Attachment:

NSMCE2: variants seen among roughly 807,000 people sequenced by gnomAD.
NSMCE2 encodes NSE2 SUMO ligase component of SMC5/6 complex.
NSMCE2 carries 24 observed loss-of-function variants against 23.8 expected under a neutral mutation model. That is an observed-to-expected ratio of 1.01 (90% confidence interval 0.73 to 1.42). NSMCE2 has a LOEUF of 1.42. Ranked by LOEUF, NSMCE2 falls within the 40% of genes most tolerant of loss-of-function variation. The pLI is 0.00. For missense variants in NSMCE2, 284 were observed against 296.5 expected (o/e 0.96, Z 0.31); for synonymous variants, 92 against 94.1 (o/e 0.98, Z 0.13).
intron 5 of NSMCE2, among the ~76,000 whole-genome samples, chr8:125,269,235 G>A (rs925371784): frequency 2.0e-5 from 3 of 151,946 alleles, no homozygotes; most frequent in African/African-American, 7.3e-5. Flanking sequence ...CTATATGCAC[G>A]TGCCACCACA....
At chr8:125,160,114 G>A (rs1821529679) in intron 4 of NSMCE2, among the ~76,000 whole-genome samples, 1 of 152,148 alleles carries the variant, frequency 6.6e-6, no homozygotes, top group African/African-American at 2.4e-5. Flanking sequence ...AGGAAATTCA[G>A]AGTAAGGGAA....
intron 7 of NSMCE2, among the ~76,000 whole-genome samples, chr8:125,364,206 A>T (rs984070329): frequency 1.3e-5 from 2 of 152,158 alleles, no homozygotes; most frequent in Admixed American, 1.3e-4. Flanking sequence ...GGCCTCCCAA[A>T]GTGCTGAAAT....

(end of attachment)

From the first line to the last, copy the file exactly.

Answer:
NSMCE2: variants seen among roughly 807,000 people sequenced by gnomAD.
NSMCE2 encodes NSE2 SUMO ligase component of SMC5/6 complex.
NSMCE2 carries 24 observed loss-of-function variants against 23.8 expected under a neutral mutation model. That is an observed-to-expected ratio of 1.01 (90% confidence interval 0.73 to 1.42). NSMCE2 has a LOEUF of 1.42. Ranked by LOEUF, NSMCE2 falls within the 40% of genes most tolerant of loss-of-function variation. The pLI is 0.00. For missense variants in NSMCE2, 284 were observed against 296.5 expected (o/e 0.96, Z 0.31); for synonymous variants, 92 against 94.1 (o/e 0.98, Z 0.13).
intron 5 of NSMCE2, among the ~76,000 whole-genome samples, chr8:125,269,235 G>A (rs925371784): frequency 2.0e-5 from 3 of 151,946 alleles, no homozygotes; most frequent in African/African-American, 7.3e-5. Flanking sequence ...CTATATGCAC[G>A]TGCCACCACA....
At chr8:125,160,114 G>A (rs1821529679) in intron 4 of NSMCE2, among the ~76,000 whole-genome samples, 1 of 152,148 alleles carries the variant, frequency 6.6e-6, no homozygotes, top group African/African-American at 2.4e-5. Flanking sequence ...AGGAAATTCA[G>A]AGTAAGGGAA....
intron 7 of NSMCE2, among the ~76,000 whole-genome samples, chr8:125,364,206 A>T (rs984070329): frequency 1.3e-5 from 2 of 152,158 alleles, no homozygotes; most frequent in Admixed American, 1.3e-4. Flanking sequence ...GGCCTCCCAA[A>T]GTGCTGAAAT....